Practical implications

A useful source of information for practitioners and academics interested in the functioning of a non-Western publishing industry. The paper also provides food for thought for those interested in trying to better the organization of publishing in Japan and/or the United Kingdom.

Originality/value

A hitherto undocumented comparative study in English of the Japanese publishing industry.

Details

Production, Consumption, Business and the Economy: Structural Ideals and Moral Realities
Type: Book
ISBN: 978-1-78441-055-1

Keywords

Book part
Publication date: 29 December 2004

Craig Van Dyck and Christopher McKenzie

Libraries and professional publishers have long had a complicated relationship. This chapter seeks to explore some elements of this relationship in order to suggest new…

Abstract

Libraries and professional publishers have long had a complicated relationship. This chapter seeks to explore some elements of this relationship in order to suggest new ways of regarding each of the parties and to generate an active dialog with the aim of improving collaboration and cooperation between them.

Details

Advances in Librarianship
Type: Book
ISBN: 978-1-84950-005-0

Article
Publication date: 23 August 2022

Sumiko Asai

While the number of hybrid journals has increased with the conversion from subscription journals, article processing charges (APCs) have not been examined as frequently as…

Abstract

Purpose

While the number of hybrid journals has increased with the conversion from subscription journals, article processing charges (APCs) have not been examined as frequently as gold open access journals. This study compared the factors affecting APCs for hybrid and gold open access journals by formulating a charge equation.

Design/methodology/approach

This study examined the APCs for 1,354 hybrid and gold open access journals in the Springer imprint. Using the ordinary least squares method, it investigated the determinants of charges, including the relationship between subscription prices and APCs for hybrid journals.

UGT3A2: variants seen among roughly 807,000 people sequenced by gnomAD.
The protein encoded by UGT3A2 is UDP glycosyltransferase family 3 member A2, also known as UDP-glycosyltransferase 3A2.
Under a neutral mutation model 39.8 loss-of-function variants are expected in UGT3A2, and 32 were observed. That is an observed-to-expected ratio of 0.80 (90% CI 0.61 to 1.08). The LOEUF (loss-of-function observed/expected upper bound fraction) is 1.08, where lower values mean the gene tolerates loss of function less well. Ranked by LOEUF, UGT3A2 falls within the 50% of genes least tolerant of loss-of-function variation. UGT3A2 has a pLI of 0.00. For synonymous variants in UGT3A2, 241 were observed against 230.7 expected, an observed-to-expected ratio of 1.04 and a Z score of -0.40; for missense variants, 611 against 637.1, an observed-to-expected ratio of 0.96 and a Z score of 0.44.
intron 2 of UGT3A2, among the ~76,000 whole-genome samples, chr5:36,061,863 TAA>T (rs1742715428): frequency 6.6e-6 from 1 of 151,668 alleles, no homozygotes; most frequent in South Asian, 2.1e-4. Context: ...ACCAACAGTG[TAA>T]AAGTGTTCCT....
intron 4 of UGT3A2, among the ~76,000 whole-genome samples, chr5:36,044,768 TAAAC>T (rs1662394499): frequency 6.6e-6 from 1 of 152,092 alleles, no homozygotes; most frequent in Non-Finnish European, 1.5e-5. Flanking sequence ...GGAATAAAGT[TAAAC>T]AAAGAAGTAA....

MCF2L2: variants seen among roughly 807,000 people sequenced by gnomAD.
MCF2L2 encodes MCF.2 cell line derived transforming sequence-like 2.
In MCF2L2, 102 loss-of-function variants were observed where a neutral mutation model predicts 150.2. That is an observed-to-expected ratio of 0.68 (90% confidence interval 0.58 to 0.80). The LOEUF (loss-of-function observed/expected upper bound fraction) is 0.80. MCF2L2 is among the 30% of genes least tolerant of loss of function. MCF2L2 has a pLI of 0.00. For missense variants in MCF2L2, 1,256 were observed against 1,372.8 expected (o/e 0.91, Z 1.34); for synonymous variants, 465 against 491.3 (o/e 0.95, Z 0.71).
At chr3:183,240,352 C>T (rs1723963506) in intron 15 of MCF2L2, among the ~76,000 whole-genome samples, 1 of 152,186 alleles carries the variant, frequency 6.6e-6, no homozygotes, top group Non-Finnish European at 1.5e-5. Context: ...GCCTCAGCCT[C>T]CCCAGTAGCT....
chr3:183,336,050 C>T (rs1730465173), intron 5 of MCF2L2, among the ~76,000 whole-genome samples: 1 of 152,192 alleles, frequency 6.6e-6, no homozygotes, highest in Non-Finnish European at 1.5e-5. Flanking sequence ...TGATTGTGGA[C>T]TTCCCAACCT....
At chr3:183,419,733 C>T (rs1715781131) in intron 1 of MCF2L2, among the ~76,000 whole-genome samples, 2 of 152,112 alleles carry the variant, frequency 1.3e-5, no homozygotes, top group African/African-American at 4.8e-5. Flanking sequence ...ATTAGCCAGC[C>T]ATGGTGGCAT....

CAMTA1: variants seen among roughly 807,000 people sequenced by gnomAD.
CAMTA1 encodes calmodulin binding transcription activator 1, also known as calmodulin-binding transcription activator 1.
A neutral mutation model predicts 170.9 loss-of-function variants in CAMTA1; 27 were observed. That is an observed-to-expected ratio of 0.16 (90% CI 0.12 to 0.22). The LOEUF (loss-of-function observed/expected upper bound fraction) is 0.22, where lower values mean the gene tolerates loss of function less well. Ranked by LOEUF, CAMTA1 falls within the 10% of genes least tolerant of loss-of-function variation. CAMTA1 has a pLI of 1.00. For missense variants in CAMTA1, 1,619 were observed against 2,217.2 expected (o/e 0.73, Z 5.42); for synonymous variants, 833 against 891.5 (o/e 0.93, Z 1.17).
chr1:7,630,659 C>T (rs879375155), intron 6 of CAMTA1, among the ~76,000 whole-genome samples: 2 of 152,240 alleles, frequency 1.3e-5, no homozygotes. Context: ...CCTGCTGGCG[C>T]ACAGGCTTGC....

Findings

The results revealed that the charges set by hybrid journals were higher than those set by gold open access journals by US$1,620, after controlling for other variables. A reason could be the oligopolistic market structure of the leading publishers. Although the publisher imprint set the APCs based on the journal characteristics, the difference in the determinants of the charges between the two journal types may be due to the business models specific to the journal types.

Research limitations/implications

The findings suggested that policymakers must consider the market power of leading publishers to establish a healthy scholarly communication market.

Originality/value

This study examined the relationship between subscription prices and charges for hybrid journals as well as the determinants of charges for both journal types, considering various characteristics of individual journals.

Details

Information Discovery and Delivery, vol. ahead-of-print no. ahead-of-print
Type: Research Article
ISSN: 2398-6247

Keywords

Book part
Publication date: 30 October 2009

Catherine Maskell

Academic library consortia activity has become an integral part of academic libraries’ operations. Consortia have come to assert considerable bargaining power over…

Abstract